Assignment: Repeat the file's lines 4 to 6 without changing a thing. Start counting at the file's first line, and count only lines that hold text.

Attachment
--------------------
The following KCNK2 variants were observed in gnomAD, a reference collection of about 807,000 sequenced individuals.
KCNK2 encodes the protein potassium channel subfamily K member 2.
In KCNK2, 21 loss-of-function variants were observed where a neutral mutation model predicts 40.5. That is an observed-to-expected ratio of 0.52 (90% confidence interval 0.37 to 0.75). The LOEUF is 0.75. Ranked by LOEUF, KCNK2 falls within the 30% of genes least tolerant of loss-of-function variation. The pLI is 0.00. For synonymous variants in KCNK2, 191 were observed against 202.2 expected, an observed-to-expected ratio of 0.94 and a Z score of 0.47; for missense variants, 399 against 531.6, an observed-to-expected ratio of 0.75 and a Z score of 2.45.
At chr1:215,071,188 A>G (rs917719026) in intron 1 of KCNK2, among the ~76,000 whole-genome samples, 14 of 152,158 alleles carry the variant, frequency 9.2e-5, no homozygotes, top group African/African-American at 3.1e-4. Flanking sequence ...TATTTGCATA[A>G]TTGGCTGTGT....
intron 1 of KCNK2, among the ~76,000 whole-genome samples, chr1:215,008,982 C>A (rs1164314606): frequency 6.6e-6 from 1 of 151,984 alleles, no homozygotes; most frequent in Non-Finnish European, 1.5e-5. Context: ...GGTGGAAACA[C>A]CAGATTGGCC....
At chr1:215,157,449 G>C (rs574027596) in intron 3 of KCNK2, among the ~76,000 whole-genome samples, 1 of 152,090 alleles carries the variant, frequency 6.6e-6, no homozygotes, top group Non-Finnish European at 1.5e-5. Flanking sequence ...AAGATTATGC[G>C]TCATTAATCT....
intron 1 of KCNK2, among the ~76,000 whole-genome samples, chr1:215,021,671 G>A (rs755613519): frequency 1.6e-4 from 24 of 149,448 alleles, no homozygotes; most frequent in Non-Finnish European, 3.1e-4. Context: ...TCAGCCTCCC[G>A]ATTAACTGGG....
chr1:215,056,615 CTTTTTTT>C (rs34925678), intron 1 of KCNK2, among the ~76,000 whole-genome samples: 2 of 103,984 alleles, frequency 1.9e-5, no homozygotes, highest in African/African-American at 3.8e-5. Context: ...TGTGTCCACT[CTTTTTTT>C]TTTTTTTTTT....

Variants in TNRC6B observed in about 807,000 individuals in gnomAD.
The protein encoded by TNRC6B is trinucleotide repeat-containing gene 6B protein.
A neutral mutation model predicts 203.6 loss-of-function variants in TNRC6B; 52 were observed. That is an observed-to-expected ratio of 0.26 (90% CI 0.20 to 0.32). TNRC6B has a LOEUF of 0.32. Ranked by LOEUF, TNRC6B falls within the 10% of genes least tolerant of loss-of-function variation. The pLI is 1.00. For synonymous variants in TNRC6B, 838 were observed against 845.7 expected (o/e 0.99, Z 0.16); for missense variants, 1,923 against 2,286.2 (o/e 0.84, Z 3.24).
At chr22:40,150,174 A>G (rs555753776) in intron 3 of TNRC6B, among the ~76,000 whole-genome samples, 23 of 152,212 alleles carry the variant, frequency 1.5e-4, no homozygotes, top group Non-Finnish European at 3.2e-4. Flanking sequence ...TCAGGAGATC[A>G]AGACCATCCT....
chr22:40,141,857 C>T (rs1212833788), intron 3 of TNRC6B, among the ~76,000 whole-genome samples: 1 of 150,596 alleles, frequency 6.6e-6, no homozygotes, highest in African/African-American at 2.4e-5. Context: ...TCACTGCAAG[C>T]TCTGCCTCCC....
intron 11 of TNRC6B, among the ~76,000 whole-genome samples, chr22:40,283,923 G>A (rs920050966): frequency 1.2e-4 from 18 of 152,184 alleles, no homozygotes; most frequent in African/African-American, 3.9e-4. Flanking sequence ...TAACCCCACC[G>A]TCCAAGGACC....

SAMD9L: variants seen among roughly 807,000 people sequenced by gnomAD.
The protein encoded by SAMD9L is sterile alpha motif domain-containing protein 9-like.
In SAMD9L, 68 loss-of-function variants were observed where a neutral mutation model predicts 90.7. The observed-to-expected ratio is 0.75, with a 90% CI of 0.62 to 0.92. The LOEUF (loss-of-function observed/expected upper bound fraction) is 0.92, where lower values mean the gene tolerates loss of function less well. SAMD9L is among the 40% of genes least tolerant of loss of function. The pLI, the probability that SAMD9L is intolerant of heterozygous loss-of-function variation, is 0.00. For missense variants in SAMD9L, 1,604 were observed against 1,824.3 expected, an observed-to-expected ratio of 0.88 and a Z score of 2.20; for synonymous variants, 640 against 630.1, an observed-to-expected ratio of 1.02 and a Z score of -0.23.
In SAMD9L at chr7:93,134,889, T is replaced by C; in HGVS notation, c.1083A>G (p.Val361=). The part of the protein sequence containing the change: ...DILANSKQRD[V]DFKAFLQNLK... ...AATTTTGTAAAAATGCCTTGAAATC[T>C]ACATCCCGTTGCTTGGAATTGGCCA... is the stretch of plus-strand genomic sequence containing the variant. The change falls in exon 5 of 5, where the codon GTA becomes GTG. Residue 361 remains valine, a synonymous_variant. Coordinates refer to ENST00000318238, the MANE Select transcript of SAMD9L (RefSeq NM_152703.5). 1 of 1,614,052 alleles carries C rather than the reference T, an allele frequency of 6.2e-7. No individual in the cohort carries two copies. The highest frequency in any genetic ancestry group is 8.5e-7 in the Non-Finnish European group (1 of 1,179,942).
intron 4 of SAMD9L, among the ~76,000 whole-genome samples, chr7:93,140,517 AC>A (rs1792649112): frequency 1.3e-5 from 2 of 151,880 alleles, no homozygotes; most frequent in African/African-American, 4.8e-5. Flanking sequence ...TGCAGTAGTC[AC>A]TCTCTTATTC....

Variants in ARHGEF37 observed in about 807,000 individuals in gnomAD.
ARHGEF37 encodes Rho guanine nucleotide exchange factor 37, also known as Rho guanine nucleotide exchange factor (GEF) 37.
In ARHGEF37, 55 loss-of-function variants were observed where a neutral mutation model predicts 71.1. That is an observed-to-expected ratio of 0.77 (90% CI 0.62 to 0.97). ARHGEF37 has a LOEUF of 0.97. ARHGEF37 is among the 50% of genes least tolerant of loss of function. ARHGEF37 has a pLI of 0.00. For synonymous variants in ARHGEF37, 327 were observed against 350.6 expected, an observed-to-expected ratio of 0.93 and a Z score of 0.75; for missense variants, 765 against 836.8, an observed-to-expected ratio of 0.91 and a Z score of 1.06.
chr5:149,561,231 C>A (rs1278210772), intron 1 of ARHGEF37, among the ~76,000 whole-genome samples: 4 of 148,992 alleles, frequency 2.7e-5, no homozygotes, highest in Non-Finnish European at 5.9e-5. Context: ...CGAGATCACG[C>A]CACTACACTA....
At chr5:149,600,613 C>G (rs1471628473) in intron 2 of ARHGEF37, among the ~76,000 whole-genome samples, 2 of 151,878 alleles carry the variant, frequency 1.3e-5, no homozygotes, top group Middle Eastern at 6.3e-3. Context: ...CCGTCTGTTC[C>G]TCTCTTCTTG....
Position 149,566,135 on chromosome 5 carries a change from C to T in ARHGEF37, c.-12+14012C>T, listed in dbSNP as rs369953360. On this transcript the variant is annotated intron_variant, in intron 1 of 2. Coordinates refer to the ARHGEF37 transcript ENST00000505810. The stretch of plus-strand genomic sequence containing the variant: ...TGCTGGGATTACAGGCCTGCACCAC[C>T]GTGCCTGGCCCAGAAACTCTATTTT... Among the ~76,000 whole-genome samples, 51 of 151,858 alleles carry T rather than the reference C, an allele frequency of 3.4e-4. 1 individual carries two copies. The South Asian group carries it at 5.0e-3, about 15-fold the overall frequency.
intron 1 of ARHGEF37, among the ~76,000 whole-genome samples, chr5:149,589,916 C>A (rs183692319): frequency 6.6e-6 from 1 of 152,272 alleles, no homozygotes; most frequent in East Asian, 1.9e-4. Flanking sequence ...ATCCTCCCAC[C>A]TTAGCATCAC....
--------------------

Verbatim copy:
At chr1:215,071,188 A>G (rs917719026) in intron 1 of KCNK2, among the ~76,000 whole-genome samples, 14 of 152,158 alleles carry the variant, frequency 9.2e-5, no homozygotes, top group African/African-American at 3.1e-4. Flanking sequence ...TATTTGCATA[A>G]TTGGCTGTGT....
intron 1 of KCNK2, among the ~76,000 whole-genome samples, chr1:215,008,982 C>A (rs1164314606): frequency 6.6e-6 from 1 of 151,984 alleles, no homozygotes; most frequent in Non-Finnish European, 1.5e-5. Context: ...GGTGGAAACA[C>A]CAGATTGGCC....
At chr1:215,157,449 G>C (rs574027596) in intron 3 of KCNK2, among the ~76,000 whole-genome samples, 1 of 152,090 alleles carries the variant, frequency 6.6e-6, no homozygotes, top group Non-Finnish European at 1.5e-5. Flanking sequence ...AAGATTATGC[G>C]TCATTAATCT....